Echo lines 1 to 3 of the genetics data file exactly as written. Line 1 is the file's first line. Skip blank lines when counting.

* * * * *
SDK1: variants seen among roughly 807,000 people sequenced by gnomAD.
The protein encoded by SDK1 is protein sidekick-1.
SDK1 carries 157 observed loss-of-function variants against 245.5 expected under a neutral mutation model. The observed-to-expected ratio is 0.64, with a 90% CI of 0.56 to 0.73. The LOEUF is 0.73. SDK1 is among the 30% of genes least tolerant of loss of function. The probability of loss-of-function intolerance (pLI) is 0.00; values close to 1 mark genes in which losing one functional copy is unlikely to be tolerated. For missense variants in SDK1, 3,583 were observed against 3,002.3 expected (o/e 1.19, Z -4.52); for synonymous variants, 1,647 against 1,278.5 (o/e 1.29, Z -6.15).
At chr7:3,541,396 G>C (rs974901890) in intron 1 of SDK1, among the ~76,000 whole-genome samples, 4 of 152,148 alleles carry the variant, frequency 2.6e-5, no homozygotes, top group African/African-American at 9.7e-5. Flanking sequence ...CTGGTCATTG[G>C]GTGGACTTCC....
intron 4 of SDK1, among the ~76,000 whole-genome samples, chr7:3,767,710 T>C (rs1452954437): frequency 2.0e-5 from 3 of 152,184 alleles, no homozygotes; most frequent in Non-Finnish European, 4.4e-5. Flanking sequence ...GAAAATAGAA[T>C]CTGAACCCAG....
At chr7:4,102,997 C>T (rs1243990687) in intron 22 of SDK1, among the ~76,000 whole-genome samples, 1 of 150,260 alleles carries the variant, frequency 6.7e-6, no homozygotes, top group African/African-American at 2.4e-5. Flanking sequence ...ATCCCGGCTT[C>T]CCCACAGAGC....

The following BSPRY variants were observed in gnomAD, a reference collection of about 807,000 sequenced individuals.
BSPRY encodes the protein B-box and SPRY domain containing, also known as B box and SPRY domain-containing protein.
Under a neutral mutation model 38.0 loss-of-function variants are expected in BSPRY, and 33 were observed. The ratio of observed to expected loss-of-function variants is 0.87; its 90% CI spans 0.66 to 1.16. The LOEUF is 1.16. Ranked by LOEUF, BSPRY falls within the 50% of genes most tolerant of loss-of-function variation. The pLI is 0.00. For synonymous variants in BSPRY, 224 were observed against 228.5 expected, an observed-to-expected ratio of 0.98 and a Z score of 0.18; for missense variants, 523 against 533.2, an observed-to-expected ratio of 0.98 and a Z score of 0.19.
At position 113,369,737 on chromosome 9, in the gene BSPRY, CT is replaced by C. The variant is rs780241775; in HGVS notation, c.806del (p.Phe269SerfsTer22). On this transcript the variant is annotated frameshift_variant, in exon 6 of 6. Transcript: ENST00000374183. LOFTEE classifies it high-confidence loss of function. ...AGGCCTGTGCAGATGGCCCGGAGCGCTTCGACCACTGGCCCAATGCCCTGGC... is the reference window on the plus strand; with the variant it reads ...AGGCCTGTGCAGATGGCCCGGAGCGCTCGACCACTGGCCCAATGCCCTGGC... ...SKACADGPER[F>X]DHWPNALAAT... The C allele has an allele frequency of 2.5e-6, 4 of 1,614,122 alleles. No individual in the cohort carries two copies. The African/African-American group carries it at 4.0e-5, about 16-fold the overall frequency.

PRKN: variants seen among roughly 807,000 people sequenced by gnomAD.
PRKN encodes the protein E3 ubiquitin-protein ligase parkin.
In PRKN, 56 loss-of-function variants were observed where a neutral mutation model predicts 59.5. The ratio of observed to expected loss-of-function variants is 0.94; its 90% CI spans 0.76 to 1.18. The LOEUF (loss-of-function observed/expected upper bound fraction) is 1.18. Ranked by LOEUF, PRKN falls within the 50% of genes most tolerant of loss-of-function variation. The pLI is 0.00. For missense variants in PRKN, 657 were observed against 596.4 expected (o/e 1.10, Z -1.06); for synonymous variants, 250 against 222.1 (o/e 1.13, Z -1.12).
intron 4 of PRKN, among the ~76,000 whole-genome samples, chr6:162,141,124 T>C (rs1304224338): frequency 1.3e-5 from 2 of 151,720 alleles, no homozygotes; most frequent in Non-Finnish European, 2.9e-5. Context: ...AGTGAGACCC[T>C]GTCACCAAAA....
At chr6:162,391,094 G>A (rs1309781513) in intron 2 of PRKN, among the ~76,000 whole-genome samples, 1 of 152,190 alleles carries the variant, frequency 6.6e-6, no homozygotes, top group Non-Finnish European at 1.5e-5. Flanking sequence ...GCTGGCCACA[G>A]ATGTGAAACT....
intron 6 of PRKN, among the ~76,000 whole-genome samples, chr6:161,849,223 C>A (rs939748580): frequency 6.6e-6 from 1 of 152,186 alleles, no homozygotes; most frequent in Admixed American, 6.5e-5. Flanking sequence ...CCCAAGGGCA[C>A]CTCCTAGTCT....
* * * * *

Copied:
SDK1: variants seen among roughly 807,000 people sequenced by gnomAD.
The protein encoded by SDK1 is protein sidekick-1.
SDK1 carries 157 observed loss-of-function variants against 245.5 expected under a neutral mutation model. The observed-to-expected ratio is 0.64, with a 90% CI of 0.56 to 0.73. The LOEUF is 0.73. SDK1 is among the 30% of genes least tolerant of loss of function. The probability of loss-of-function intolerance (pLI) is 0.00; values close to 1 mark genes in which losing one functional copy is unlikely to be tolerated. For missense variants in SDK1, 3,583 were observed against 3,002.3 expected (o/e 1.19, Z -4.52); for synonymous variants, 1,647 against 1,278.5 (o/e 1.29, Z -6.15).